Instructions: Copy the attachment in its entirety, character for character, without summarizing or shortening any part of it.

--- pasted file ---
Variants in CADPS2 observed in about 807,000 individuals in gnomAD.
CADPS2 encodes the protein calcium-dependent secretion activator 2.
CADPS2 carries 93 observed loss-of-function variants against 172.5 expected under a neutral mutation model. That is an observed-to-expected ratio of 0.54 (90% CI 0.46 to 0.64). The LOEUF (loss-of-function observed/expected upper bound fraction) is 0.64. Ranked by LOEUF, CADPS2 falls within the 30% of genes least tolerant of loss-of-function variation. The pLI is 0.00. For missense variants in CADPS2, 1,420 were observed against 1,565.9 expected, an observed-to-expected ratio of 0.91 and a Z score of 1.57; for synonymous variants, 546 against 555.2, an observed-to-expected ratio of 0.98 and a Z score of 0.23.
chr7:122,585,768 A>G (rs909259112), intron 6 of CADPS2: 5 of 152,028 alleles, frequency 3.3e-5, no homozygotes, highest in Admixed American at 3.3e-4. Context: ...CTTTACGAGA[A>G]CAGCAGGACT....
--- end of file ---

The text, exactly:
Variants in CADPS2 observed in about 807,000 individuals in gnomAD.
CADPS2 encodes the protein calcium-dependent secretion activator 2.
CADPS2 carries 93 observed loss-of-function variants against 172.5 expected under a neutral mutation model. That is an observed-to-expected ratio of 0.54 (90% CI 0.46 to 0.64). The LOEUF (loss-of-function observed/expected upper bound fraction) is 0.64. Ranked by LOEUF, CADPS2 falls within the 30% of genes least tolerant of loss-of-function variation. The pLI is 0.00. For missense variants in CADPS2, 1,420 were observed against 1,565.9 expected, an observed-to-expected ratio of 0.91 and a Z score of 1.57; for synonymous variants, 546 against 555.2, an observed-to-expected ratio of 0.98 and a Z score of 0.23.
chr7:122,585,768 A>G (rs909259112), intron 6 of CADPS2: 5 of 152,028 alleles, frequency 3.3e-5, no homozygotes, highest in Admixed American at 3.3e-4. Context: ...CTTTACGAGA[A>G]CAGCAGGACT....